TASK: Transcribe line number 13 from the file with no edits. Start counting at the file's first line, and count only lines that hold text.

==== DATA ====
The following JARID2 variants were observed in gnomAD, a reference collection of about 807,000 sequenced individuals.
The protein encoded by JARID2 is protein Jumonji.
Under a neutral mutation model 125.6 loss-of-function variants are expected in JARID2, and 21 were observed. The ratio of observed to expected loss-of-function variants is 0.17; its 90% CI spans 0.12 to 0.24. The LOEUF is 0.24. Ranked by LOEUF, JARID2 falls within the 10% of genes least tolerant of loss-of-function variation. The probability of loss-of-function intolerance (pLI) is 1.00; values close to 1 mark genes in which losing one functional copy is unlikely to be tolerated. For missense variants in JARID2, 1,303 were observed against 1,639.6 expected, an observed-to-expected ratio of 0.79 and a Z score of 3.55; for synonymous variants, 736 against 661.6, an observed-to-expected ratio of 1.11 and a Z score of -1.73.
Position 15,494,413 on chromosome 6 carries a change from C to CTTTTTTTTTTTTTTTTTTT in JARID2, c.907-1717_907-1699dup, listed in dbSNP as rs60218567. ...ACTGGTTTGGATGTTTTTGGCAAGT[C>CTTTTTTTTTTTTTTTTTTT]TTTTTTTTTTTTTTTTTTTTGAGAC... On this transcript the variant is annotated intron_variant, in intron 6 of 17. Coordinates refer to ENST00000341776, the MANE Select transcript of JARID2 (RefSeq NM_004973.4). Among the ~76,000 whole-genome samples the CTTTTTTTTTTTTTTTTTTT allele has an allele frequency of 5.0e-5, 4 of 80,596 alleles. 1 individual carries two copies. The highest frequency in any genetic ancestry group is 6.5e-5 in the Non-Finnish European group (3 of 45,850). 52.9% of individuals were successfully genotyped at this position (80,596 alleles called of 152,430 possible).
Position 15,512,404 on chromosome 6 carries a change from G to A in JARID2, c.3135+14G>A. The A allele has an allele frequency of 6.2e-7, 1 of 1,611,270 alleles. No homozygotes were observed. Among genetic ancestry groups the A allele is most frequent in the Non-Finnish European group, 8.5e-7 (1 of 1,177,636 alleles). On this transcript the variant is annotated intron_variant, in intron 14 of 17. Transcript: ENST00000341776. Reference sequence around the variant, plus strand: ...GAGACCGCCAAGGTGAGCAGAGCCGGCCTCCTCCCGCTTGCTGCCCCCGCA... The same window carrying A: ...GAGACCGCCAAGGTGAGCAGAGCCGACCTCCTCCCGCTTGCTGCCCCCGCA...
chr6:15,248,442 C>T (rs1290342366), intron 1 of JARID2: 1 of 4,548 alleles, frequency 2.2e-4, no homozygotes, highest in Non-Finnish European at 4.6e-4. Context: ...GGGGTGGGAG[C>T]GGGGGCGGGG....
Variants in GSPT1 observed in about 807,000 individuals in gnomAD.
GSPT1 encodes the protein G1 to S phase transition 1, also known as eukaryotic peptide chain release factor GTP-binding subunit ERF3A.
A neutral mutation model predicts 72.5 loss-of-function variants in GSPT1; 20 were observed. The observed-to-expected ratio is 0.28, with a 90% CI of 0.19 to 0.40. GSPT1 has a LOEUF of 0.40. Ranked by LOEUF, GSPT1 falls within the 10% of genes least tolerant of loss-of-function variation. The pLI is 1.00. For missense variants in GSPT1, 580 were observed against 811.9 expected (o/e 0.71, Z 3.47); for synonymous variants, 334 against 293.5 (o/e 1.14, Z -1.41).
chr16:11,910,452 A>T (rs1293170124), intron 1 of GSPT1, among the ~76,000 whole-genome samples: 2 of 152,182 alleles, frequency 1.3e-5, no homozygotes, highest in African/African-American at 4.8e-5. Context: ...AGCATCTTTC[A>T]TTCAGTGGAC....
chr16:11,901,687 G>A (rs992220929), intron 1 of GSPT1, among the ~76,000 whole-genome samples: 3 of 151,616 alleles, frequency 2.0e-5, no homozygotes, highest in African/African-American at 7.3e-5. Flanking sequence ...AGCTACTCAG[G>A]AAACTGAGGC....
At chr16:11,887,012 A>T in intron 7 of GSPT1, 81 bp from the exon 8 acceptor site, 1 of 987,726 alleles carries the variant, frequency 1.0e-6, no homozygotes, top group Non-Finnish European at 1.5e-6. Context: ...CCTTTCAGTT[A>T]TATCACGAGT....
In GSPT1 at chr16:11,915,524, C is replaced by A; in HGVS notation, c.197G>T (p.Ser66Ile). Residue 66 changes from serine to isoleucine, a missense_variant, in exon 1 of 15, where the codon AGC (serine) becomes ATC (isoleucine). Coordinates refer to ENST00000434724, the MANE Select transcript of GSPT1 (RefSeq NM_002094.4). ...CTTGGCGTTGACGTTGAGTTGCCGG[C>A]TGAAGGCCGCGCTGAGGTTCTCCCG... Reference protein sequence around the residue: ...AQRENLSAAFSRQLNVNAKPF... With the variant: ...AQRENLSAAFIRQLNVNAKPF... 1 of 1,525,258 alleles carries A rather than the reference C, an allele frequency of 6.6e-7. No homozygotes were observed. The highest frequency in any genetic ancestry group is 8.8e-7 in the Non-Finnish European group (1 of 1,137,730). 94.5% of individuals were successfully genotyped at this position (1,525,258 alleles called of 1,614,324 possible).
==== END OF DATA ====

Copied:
In GSPT1 at chr16:11,915,524, C is replaced by A; in HGVS notation, c.197G>T (p.Ser66Ile). Residue 66 changes from serine to isoleucine, a missense_variant, in exon 1 of 15, where the codon AGC (serine) becomes ATC (isoleucine). Coordinates refer to ENST00000434724, the MANE Select transcript of GSPT1 (RefSeq NM_002094.4). ...CTTGGCGTTGACGTTGAGTTGCCGG[C>A]TGAAGGCCGCGCTGAGGTTCTCCCG... Reference protein sequence around the residue: ...AQRENLSAAFSRQLNVNAKPF... With the variant: ...AQRENLSAAFIRQLNVNAKPF... 1 of 1,525,258 alleles carries A rather than the reference C, an allele frequency of 6.6e-7. No homozygotes were observed. The highest frequency in any genetic ancestry group is 8.8e-7 in the Non-Finnish European group (1 of 1,137,730). 94.5% of individuals were successfully genotyped at this position (1,525,258 alleles called of 1,614,324 possible).